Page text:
Supreme Court taking up first major gun case in more than a decade

Credit: AJC

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A quick check with the FBI shows a record number of people applied for their gun background check in March ? 3.7 million.

Credit: AJC

Decision follows mass shootings in Georgia, Colorado, Indiana, California

The U.S. Supreme Court on Monday agreed to hear a case over New York’s gun-permit law, its first major foray into one of the nation’s most divisive political issues in more than a decade.

The case, titled NY State Rifle & Pistol Assoc. v. Corlett, revolves around whether the Second Amendment protects the right of individuals to carry concealed weapons outside their home for self-defense.

The court’s decision to take on the case follows mass shootings in recent weeks in Indiana, Georgia, Colorado, Wisconsin, and California and comes amid congressional efforts to tighten gun laws. President Joe Biden also has announced several executive actions to combat what he called an “epidemic and an international embarrassment” of gun violence in America.

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The New York law requires license applicants to show that “proper cause exists” for a person to carry a concealed weapon. The Second Circuit Court of Appeals ruled in August the law is constitutional.

New York is one of eight states that limit who has the right to carry a weapon in public. The others are California, Delaware, Hawaii, Maryland, Massachusetts, New Jersey and Rhode Island.

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Paul Clement, representing challengers to New York’s permit law, said the court should use the case to settle the issue once and for all. “Thus, the nation is split, with the Second Amendment alive and well in the vast middle of the nation, and those same rights disregarded near the coasts,” Clement wrote on behalf of the New York State Rifle & Pistol Association and two New York residents, as reported by Fox News.

In 2008 and 2010, the high court overturned handgun bans in Washington, D.C., and Chicago, respectively, according to NPR.

In those cases, a sharply divided court ruled the Second Amendment right to bear arms is an individual right, not one associated with the militia, as the court had previously implied. Those decisions marked a victory for the National Rifle Association and other gun rights organizations.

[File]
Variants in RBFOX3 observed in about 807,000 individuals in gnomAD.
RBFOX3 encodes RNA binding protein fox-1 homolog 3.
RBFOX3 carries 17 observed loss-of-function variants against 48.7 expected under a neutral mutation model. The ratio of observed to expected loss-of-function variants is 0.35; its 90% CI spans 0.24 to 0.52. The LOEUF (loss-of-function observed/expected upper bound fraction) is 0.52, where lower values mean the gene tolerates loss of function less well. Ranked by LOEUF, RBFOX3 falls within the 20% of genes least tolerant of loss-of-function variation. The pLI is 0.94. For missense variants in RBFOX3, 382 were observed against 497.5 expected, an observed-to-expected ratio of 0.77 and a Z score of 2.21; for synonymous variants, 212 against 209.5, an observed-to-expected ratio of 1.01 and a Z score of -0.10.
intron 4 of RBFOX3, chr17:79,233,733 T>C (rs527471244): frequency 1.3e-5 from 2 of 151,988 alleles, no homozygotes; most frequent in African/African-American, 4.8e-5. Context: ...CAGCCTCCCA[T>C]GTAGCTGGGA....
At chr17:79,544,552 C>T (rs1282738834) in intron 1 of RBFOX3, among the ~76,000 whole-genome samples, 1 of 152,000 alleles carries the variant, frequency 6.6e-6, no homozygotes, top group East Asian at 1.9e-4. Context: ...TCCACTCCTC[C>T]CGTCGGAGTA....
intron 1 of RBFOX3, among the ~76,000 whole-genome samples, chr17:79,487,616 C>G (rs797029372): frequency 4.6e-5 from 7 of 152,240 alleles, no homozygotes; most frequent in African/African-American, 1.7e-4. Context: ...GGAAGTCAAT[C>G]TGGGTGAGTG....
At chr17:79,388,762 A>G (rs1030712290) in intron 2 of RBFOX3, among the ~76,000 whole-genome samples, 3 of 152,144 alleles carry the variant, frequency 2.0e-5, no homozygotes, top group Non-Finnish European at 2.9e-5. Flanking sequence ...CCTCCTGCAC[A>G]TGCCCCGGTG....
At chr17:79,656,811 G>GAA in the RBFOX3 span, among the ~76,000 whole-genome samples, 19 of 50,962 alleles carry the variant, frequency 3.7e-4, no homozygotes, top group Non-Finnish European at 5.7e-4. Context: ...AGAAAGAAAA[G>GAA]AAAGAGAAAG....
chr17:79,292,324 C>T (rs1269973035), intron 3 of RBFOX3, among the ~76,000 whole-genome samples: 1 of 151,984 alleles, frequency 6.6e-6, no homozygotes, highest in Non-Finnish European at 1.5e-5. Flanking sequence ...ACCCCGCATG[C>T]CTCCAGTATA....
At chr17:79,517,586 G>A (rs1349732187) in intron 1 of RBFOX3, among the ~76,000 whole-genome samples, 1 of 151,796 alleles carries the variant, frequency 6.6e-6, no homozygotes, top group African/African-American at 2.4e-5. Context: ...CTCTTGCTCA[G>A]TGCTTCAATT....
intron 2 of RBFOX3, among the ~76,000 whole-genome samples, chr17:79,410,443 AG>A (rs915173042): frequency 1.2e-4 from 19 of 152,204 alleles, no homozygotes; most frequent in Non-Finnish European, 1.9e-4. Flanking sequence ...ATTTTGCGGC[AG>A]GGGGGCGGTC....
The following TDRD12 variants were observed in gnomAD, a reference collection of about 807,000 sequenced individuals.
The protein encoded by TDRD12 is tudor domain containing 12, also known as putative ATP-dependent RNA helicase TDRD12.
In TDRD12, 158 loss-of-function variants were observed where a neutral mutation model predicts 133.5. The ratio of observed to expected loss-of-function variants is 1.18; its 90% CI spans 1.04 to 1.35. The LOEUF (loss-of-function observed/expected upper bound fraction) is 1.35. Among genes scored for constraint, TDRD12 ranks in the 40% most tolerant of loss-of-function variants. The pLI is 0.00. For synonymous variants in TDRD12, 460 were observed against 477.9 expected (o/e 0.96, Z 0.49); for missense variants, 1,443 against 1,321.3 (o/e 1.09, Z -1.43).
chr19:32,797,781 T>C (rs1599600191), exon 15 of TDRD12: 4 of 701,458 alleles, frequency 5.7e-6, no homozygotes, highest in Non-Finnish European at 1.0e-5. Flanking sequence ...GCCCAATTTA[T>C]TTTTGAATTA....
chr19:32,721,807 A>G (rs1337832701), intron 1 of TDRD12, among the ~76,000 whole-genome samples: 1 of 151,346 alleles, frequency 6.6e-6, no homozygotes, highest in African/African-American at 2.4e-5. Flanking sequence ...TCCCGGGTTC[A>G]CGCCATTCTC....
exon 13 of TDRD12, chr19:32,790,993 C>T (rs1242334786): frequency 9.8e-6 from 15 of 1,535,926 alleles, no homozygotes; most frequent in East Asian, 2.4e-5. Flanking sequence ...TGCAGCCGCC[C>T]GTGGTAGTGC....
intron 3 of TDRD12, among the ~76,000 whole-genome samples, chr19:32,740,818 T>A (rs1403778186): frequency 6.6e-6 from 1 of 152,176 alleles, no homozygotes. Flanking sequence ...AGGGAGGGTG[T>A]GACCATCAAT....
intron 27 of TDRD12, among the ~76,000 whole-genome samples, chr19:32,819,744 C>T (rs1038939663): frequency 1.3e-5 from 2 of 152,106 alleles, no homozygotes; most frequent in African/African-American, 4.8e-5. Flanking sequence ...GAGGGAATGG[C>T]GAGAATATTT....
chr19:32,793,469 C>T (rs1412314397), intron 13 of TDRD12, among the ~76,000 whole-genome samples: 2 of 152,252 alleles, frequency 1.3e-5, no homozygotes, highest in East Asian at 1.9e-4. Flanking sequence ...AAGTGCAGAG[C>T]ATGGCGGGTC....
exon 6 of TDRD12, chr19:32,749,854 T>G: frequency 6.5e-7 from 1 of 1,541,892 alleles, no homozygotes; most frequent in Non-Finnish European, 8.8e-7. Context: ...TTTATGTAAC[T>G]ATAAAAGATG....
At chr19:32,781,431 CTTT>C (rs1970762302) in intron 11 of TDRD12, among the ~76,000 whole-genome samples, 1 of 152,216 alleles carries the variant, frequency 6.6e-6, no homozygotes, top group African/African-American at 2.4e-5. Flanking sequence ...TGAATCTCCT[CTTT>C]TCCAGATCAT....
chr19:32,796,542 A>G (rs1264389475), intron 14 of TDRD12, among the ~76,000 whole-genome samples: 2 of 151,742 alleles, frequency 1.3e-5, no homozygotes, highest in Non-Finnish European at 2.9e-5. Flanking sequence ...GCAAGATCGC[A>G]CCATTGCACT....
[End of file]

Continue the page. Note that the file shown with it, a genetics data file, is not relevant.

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However, in the past decade, the court has largely avoided gun rights cases. This case marks the court’s first foray into gun rights since Justice Amy Coney Barrett came on board in October, making a 6-3 conservative majority.

The case is especially significant during the coronavirus pandemic, said Eric Tirschwell, the legal director of Everytown for Gun Safety, a gun control group backed by former New York Mayor Michael Bloomberg. “Gun violence has only worsened during the pandemic, and a ruling that opened the door to weakening our gun laws could make it even harder for cities and states to grapple with this public health crisis,” Tirschwell told the Associated Press.

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The court had turned down review of the issue in June, before Justice Ruth Bader Ginsburg’s death.

Paul Clement, representing challengers to New York’s permit law, said the court should use the case to settle the issue once and for all. “Thus, the nation is split, with the Second Amendment alive and well in the vast middle of the nation, and those same rights disregarded near the coasts,” Clement wrote on behalf of the New York State Rifle & Pistol Association and two New York residents.

Calling on the court to reject the appeal, the state said its law promotes public safety and crime reduction and neither bans people from carrying guns nor allows everyone to do so.

Federal courts have largely upheld the permit limits. Last month an 11-judge panel of the federal appeals court in San Francisco rejected a challenge to Hawaii’s permit regulations in an opinion written by a conservative judge, Jay Bybee.

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“Our review of more than 700 years of English and American legal history reveals a strong theme: government has the power to regulate arms in the public square,” Bybee wrote in a 7-4 decision for the 9th U.S. Circuit Court of Appeals.

The issue of carrying a gun for self-defense has been seen for several years as the next major step for gun rights at the Supreme Court, following decisions in 2008 and 2010 that established a nationwide right to keep a gun at home for self-defense.

In June, Justice Clarence Thomas, joined by Justice Brett Kavanaugh, complained that rather than take on the constitutional issue, “the Court simply looks the other way.”

But Barrett has a more expansive view of gun rights than Ginsburg. She wrote a dissent in 2019, when she was a judge on the federal appeals court in Chicago, that argued that a conviction for a nonviolent felony — in this case, mail fraud — shouldn’t automatically disqualify someone from owning a gun.

She said that her colleagues in the majority were treating the Second Amendment as a “second-class right, subject to an entirely different body of rules than the other Bill of Rights guarantees.”